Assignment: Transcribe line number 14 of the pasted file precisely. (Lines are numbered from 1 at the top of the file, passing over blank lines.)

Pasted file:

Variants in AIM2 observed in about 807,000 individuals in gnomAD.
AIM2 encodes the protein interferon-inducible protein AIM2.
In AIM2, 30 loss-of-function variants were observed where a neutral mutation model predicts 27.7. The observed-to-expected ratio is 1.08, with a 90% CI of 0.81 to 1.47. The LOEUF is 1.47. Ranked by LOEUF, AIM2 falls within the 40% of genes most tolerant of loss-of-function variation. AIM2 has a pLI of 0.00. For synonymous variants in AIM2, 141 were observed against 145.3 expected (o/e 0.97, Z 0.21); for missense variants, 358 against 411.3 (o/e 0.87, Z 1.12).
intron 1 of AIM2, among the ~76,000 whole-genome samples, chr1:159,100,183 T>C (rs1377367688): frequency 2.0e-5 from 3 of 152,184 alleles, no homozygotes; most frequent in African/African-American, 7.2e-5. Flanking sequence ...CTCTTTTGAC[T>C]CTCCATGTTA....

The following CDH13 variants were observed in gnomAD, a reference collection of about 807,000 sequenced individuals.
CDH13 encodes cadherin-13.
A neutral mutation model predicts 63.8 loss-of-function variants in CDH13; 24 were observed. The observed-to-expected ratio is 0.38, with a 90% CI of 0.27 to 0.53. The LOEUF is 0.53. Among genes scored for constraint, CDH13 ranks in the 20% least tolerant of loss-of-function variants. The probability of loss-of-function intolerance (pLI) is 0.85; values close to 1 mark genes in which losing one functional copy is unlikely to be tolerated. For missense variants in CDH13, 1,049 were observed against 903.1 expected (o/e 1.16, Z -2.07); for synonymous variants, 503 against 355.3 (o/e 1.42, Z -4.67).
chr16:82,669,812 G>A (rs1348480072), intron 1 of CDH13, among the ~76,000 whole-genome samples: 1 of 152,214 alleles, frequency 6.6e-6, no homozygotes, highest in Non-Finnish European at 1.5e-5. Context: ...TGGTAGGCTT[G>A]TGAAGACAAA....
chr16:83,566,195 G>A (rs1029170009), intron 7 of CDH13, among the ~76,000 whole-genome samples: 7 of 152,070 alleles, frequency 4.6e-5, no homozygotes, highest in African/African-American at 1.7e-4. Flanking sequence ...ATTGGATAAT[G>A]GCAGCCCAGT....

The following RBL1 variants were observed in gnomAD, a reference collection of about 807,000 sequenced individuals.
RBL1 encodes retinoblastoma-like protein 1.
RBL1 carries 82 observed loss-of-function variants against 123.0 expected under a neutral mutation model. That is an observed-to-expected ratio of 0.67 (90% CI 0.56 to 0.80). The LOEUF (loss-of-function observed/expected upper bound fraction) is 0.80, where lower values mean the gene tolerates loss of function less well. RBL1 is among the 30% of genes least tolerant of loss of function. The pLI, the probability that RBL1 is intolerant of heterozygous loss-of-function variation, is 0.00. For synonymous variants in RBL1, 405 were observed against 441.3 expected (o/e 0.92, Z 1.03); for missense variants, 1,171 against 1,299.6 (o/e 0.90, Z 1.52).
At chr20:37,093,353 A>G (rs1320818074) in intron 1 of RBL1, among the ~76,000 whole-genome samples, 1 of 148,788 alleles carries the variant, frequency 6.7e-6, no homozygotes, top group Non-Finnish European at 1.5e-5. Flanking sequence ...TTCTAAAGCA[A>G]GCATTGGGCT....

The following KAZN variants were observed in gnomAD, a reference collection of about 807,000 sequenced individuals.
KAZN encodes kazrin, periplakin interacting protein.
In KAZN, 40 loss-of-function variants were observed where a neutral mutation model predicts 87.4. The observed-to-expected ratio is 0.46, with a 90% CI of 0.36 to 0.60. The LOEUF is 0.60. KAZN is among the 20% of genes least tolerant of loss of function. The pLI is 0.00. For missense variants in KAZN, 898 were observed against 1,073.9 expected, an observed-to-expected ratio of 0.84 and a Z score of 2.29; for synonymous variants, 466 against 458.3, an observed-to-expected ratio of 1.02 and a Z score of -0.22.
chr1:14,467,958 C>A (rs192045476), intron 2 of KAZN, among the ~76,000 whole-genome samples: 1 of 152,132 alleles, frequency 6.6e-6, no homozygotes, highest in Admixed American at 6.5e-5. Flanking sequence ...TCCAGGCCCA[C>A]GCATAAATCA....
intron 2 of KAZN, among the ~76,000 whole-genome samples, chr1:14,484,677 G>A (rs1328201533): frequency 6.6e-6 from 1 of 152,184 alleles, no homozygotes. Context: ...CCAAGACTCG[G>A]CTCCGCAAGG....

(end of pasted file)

The following KAZN variants were observed in gnomAD, a reference collection of about 807,000 sequenced individuals.